The Duncan coral, duncanopsammia axifuga, has large, fleshy polyps and looks a little bit like a zoanthid or other button polyp species, but it is really a large polyp stony (LPS) coral. Duncan corals are sometimes also called whisker coral or daisy coral. Like all LPS corals, duncans have a calcified stony skeleton and therefore require relatively high concentrations of calcium, magnesium and hardness, measured as dKH, to stay healthy.
A quality reef aquarium salt will naturally have a good concentration of these important elements, but you should test your water to monitor these water parameters to ensure your tank stays within a healthy range. If your tank falls out of the healthy range, you can generally restore the quality of the water by performing water changes or adding reef supplements, like 2-part, if necessary. You can see parts of the exposed skeleton in the image above, where the Duncan coral polyp has died away
Individual polyp heads will grow out from a central stalk in a bouquet-like arrangement, as can be seen in the image below of a duncan coral taken at the New England Aquarium, in Boston.
Duncan coral are a popular reef aquarium species
One of the reasons these are popular corals is that low-to-moderate lighting are all that is required to keep these amazing animals. The duncan coral is a deepwater species that comes from low-current reefs around Australia and the South China Sea. Duncan corals have symbiotic zooxanthellae and are photosynthetic, but they are also hunters, capable of capturing and eating prey and will benefit from regular feedings of brine shrimp, mysid shrimp, cyclops or small pieces of shellfish. In the center of the large, fleshy polyps is a mouth, where the food items would be ingested and consumed. Target the mouth when directly feeding this coral. A great aquarium tool to target feed the duncan coral is Julian’s Thing, which is a long pipette, that will allow you to gently drop a meaty morsel right on the mouth.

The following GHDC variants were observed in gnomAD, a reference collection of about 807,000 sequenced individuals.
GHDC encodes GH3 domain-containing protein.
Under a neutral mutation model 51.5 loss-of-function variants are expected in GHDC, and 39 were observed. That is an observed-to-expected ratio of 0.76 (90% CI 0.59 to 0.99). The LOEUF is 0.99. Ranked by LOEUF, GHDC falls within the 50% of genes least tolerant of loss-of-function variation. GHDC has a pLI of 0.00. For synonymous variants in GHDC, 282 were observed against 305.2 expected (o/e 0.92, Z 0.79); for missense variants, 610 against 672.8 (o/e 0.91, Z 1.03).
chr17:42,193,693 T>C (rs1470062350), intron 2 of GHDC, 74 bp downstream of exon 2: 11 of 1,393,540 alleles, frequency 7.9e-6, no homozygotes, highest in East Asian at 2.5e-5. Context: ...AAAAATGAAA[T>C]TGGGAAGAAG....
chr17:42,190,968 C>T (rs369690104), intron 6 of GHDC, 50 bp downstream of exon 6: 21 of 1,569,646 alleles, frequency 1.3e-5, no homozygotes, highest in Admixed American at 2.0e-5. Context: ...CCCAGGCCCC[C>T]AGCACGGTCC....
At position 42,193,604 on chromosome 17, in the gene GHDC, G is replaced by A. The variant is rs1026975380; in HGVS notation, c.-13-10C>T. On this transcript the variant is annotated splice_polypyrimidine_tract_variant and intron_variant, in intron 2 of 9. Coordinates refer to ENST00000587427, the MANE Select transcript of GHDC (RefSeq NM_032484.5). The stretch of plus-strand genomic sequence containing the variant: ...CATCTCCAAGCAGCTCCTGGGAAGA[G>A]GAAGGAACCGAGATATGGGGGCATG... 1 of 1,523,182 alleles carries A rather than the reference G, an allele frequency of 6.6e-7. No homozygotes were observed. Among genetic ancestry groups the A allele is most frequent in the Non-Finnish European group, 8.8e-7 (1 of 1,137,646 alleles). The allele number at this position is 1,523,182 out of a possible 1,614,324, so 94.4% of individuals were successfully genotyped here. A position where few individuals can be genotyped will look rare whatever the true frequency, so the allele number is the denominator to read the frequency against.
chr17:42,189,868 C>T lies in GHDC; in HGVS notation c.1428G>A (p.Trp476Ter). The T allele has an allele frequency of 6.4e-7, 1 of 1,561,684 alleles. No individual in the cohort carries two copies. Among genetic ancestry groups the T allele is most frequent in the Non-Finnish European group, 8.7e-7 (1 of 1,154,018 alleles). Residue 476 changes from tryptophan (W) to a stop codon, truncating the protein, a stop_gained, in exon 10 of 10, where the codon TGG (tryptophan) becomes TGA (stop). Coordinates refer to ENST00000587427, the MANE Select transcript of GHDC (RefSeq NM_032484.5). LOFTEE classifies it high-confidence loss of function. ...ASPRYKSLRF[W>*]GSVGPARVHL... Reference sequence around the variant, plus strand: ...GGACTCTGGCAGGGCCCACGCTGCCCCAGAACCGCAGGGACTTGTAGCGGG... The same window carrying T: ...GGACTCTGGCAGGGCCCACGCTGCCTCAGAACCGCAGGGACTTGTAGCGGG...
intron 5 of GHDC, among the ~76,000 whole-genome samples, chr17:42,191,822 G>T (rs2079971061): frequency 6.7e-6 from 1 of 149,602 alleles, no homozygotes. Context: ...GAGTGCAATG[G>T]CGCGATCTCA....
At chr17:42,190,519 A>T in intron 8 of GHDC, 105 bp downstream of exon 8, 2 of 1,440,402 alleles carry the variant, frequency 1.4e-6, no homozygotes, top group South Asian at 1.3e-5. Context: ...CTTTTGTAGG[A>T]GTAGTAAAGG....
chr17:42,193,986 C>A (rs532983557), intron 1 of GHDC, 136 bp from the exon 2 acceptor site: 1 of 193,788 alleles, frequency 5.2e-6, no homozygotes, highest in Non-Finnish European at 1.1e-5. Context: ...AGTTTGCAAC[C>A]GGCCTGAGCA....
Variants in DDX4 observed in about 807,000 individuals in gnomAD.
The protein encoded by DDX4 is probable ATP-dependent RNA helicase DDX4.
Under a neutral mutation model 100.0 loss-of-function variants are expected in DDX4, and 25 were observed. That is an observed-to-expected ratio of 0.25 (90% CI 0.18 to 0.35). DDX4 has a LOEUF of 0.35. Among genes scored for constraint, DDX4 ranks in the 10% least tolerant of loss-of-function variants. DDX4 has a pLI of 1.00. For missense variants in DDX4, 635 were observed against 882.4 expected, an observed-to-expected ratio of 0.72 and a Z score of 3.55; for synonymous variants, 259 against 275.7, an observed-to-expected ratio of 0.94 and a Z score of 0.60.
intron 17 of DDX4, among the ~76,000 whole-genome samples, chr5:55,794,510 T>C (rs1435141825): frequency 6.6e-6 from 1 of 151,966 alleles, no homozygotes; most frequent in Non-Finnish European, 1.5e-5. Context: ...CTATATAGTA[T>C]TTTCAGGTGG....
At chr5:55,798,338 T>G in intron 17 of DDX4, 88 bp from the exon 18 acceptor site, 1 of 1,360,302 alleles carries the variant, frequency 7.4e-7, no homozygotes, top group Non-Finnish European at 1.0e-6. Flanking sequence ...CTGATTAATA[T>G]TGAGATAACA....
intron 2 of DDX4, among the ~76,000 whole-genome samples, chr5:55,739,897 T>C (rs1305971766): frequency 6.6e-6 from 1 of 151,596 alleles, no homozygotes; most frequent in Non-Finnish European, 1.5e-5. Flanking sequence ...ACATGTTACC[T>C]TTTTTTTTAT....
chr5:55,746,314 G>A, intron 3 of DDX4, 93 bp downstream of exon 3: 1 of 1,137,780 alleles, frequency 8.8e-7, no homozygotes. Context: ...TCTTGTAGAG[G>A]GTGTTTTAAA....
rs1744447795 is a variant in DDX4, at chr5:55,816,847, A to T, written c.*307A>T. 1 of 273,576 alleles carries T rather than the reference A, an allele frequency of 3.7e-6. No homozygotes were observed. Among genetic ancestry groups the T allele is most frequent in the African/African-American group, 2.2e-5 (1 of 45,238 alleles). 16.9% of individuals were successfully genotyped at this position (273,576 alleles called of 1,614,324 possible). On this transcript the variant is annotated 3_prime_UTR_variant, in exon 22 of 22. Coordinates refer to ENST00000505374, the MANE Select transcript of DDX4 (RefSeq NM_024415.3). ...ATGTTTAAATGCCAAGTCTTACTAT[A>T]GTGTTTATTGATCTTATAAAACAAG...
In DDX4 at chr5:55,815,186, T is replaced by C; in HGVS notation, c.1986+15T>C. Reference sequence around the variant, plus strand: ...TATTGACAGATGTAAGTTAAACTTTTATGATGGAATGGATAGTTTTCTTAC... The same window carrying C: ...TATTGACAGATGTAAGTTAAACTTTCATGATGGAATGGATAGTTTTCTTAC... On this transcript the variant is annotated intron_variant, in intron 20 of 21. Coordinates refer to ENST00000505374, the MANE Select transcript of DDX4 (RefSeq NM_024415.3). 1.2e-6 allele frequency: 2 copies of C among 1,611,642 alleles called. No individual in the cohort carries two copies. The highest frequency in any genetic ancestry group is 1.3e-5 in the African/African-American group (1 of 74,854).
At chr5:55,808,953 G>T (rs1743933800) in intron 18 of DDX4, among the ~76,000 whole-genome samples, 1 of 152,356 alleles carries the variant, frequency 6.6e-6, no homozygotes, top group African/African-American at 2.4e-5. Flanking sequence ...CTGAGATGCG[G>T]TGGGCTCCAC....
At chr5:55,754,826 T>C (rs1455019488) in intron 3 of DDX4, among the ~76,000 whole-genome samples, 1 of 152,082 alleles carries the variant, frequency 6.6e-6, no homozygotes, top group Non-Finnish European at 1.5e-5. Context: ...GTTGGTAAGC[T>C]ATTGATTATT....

Duncan coral grow rapidly, especially when fed well, so when you are picking a location in your tank for that new frag you bought, be sure to give them plenty of room to grow into your reef.
Several years ago, duncans were not that popular here in the U.S., but these corals are now aquacultured and have become a stable in the aquarium trade.
Fragging the duncan coral
The Duncan coral is a relatively easy to frag. The short, stony branches can be easily cut with bone shears or a dremel tool and then attach the bottom of the stony stalk to a small piece of live rock with cyanoacrylate glue. For more step-by-step instructions about how to frag Large Polyp Stony corals like the Duncan coral and other corals, get the book: How to Frag Corals on Amazon or iTunes today.
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